Kickstarter And Free-To-Play Are PC Gaming’s Future
Let’s be honest: you’re a pirate. I noticed it when you walked in the room. No, I wasn’t checking out your heels. Although, I think it’s adorable that you bother with heels that high. You’re probably in your late twenties, working a measly nine to five. Oh, you’re a contractor? That’s splendid.
The game developers have been watching you. They know all about that Dark Fleet 85 case that you ordered from Newegg less than eight months ago. They know about the graphics cards, as well as the i7 Ivy Bridge processor that you dished out $300 for. They know about the 2.5 terabytes worth of stolen games that you have packed into your five terabyte hard drive. And best of all, they have your IP address and online info.
At any moment, they can sue you for copyright violation laws that very clearly state you’re not allowed to download games for free, and most of all, without permission.
They could very easily demand $250,000 from you, and effectively sink you into a deep, dark pool of debt.
However, you don’t have that much money, and they know this. They can probably get you on a credit-based billing system that might get paid off in the next 40 years, if you get a decent job. Of course, you’d have to ignore college tuition and family expenses.
There are millions like you, and sadly, suing even one would not pull in enough profit, in enough time, to cover the development costs of their game. Hell, it probably wouldn’t even pay the court fees.
So these developers, who have made such a comfortable living in this industry at this point, have accepted video game piracy has rendered their jobs unfruitful for a few years now. They’ve watched their co-workers lose their jobs, and then, even lost jobs, themselves.
Those times are coming to an end.
The developers have found a new economic strategy that will help them make a steady profit, and the gamers can play the game for free.
Yes, I’ve said that right: gamers are playing these games absolutely free. It’s called Free-to-Play, and so far it’s proven to be a very beneficial tactic for games like Planetside 2 and Team Fortress 2.
Team Fortress 2 probably sounds more familiar to you, and with good reason. This game has been online since 2007, and since then it has been a first class hit with gamers for its team-based, competitive multiplayer.
Of course, most free-to-play games like Team Fortress 2 are utilizing competitive multiplayer scenarios. They’re more than likely doing this because multiplayer is an easy element to create and glorify with great game design.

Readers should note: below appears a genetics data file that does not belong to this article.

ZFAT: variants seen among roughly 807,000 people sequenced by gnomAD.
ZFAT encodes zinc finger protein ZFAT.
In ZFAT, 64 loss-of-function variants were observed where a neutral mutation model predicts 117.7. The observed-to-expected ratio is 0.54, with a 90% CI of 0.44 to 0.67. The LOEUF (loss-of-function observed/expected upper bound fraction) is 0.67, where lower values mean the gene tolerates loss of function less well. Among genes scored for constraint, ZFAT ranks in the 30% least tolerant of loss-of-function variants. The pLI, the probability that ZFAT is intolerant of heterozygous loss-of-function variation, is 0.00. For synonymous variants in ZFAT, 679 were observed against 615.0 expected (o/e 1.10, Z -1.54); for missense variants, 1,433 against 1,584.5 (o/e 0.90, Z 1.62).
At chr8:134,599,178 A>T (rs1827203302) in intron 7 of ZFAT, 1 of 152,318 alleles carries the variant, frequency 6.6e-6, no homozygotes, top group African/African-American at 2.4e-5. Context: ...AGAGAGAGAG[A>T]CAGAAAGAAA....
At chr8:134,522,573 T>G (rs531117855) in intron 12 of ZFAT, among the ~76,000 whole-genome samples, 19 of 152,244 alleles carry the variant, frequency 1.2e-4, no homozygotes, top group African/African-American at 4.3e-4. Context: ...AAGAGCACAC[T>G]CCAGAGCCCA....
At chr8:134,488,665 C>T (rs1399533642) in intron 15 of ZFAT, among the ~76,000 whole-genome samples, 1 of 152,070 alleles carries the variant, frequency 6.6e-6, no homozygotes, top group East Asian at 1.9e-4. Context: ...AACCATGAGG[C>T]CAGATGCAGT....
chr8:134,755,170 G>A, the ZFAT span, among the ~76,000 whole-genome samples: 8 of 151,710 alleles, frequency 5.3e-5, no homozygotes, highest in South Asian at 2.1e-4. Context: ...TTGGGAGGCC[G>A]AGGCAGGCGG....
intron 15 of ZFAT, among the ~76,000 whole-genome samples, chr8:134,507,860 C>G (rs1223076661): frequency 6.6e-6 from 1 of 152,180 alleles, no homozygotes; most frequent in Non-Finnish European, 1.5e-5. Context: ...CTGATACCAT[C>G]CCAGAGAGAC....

Planetside 2 is one of the earliest releases of a free-to-play competitive multiplayer game, and it has garnered much attention and praise from PC gamers for its massive maps and amazing visuals, topped with RPG elements and a large variety of guns.
This is a gamerâ€™s dream.
An entire world of advancement and fun, complete with hundreds of potential hours of game play and tactics, for free.
Needless to say, the development process is very risky. The companies risk success or failure, and regardless of who fails, you will succeed. When these developers are in the beginning processes of creating games, they are completely at the whim of the people. They make advertisement videos and two and three minute treatments to show how fun it is.
But Kickstarter is my favorite. Kickstarter is a group of 49 guys located in New York that make their website an advertisement hub. They attract people with a really well put together website, and they list projects individual people or large businesses want to create. The advertisements usually consist of four or five-minute videos, giving the reasons they believe their project should live.
The best part about these advertisements is people are allowed to donate money to see a project live. The idea here is the project will live because the people want it to, and thus will put their own money into its development. This is, quite literally, a flip of the switch on the traditional market of supply and demand that we see in retail stores.
The PC has a reputation for rapid piracy, with record breaking rates, striking developers all across the industry. You don’t have to do the math to know piracy is killing video games on PC and ruining the reputation for the platform.
These two elements of game marketing are proving to be very successful, and with good reason, they could push the PC platform into a new realm altogether. Of course, this doesn’t mean the days of $40 games are out the window for multi-platformers, but it sure is going to make its own way for PC developers to profit.
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